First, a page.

Biking Through the Vines

Making Tracks through Margaret River's famed vineyards

Looking to do something a bit left of centre? Park the car and jump on a bike to experience a trail with a difference.

Combining cycling and wine might seem a strange idea – but it is a perfect way to experience the best of the Margaret River region. Paul Iles, owner/manager of The Hairy Marron (the go-to place for bike hire in Margaret River), says the development of a wine trial came about because of the realisation it was something tourists desired.

“We started sending people around to the wineries because tourists were asking for the option,” he says. “It is something available in other parts of the world and other parts of Australia and I think a bike winery tour is one of those things that tourists expect when they come to Margaret River.
“They know everything is here; it’s in close proximity to the town and they know that cycling around the wineries is going to be a great adventure to take part in. So we had to meet that demand and put something together.”

The result is certainly a treat, with the chance to really experience the back-roads of these incredible wineries, and notice the life cycle of the vine, as the seasons change.

Cape Mentelle is the first stop on the trail, followed by Xanadu. From there they make their way to Voyager,” Paul says. “After finishing at Voyager the cyclists can decide how they are going pedal-wise and how much time they have left. If they still have good pedal legs left in them we send them down the hill to Leeuwin. From Leeuwin they make their way on to the Wadandi track and on to a winery.”

If the thought of cycling to five wineries makes your legs hurt, not to fear – the trail can be customised to suit your requirements. “When people come in to hire a bike we do a quick Q&A with them to ascertain who is in the group, their level of experience on the bikes, how often they ride and what riding destination they are looking for,” Paul explains. “Many people say they want to ride to all the wineries and then we find out the last time they were on a bike was four or five years ago, or they haven’t got much experience. So we tailor the tour to suit the group. We want to give people the best riding experience we can, without over-extending them. We can also tailor the tour to two or three wineries if the tourists are time-limited. It is all part of the service.”

It’s good to hear from Paul that they haven’t had any issues with customers not being able to finish a tour because of intoxication. “The cellar-door staff at the wineries are very good at what they do with the responsible service of alcohol,” he says “And when you are on a bike, you naturally regulate your drinking if you know that you’ve got a decent ride in front of you.”

Paul says there is no typical customer for the tour – with something to suit everyone. “Sometimes it is a group of tourists from Singapore or some girlfriends down from Perth. It could be a family group or a few couples on a weekend getaway. Even people who don’t drink are keen to visit the wineries to see how they operate and get a feel for the famous Margaret River region.”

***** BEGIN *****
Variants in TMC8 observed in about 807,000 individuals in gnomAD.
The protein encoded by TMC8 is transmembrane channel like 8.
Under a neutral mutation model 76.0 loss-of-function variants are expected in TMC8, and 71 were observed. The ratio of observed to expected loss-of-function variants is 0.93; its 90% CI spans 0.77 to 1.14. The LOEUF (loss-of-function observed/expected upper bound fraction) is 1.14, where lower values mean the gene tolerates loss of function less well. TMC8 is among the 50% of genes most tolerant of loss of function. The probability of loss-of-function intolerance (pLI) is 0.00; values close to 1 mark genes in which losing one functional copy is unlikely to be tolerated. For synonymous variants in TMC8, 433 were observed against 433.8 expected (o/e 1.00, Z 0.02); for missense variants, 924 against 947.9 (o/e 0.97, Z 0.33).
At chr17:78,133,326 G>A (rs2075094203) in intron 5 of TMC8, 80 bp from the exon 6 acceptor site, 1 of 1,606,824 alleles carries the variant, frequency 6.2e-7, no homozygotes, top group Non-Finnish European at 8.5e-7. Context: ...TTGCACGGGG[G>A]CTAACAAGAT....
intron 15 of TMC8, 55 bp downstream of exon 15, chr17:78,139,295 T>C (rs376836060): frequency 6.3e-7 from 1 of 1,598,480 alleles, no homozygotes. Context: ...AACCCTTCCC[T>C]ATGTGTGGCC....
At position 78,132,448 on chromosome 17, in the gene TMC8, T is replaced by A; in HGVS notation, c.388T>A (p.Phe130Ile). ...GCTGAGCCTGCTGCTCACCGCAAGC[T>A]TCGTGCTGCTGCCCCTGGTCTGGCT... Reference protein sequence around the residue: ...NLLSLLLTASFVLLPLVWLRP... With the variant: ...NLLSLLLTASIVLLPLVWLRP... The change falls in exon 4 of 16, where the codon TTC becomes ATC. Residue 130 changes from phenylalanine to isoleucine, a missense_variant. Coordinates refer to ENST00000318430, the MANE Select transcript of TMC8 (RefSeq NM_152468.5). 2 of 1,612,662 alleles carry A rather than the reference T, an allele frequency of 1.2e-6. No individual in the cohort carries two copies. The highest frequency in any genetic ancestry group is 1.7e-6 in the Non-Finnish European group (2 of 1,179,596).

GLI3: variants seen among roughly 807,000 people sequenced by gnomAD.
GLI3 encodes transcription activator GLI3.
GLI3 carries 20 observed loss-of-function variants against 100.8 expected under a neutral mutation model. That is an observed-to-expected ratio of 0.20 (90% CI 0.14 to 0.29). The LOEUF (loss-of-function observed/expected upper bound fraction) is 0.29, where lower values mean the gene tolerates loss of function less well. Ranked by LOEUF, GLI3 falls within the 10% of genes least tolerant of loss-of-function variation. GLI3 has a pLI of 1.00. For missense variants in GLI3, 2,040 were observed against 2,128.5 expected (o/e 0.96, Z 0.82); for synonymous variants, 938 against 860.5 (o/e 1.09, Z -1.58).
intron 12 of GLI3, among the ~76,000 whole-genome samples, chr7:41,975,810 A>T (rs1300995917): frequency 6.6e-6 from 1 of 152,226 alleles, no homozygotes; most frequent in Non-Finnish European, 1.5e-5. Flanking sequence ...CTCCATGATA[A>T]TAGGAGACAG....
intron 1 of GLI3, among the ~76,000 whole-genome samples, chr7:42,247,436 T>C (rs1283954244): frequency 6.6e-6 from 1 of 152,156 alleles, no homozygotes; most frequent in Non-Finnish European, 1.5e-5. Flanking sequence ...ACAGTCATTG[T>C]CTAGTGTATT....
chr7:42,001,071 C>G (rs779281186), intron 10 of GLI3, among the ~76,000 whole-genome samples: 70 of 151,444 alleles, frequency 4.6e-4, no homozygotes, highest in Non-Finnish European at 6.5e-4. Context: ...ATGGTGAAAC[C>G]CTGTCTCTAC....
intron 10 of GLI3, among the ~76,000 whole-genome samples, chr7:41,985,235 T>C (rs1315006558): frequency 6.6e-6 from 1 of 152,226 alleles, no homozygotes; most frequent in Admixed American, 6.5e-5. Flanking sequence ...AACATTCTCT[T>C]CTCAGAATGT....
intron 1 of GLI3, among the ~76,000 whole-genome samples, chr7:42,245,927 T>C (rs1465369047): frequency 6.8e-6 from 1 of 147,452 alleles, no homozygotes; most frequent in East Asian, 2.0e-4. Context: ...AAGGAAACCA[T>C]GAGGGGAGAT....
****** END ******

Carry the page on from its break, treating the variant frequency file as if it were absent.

“It is relatively flat and we have a lovely mix of bush and paddocks and vineyards,” Paul adds. “The tourists get to ride past cows and karri forests; if you came to Margaret River and only had 24 hours, even doing the wine tour for half a day would give you a really good taste of what Margaret River has to offer.”

“Everyone has been very impressed with the quality of the wineries and the customer service they receive – they are very well treated at all the cellar doors,” Paul adds. “The good thing is it is a suitable activity for all price points with some wineries offering light meals and others full a la carte while some riders will take a picnic lunch with them on the bike.”

Paul says cycling tourism is the way forward, not only for wineries but for other like-minded businesses. “It is something we are going to see a lot more of as more people come for adventure tourism and want to interact with the environment,” he says. “Cycling tours are definitely going to be a staple of the future of Margaret River.”

“We think the cycling trails are a fantastic option for those wanting to get in a bit of exercise and fresh air and complement that with fine wine,” says Cape Mentelle estate director Cameron Murphy. “I think people are now looking for an experience when they visit a winery – it is not necessarily just about the tasting,” he adds. “They want to hear more about the history of the wines and the story about the wines more than just lining up at a tasting bar.”

Listen to Paul Iles talk about biking through the vines in episode three of our brand new podcast Wine Unearthed!

Images Elements Margaret River and Russell Ord Photography

Brooke Evans Butler

Author Brooke Evans Butler

Brooke Evans-Butler is passionate about telling stories. As a freelance journalist, two days are never the same as she gets to write across various topics including travel, health, lifestyle, home improvement and parenting. When she’s not working on a story, she’ll be enjoying time with her favourite people and constant sources of inspiration – her two sons.

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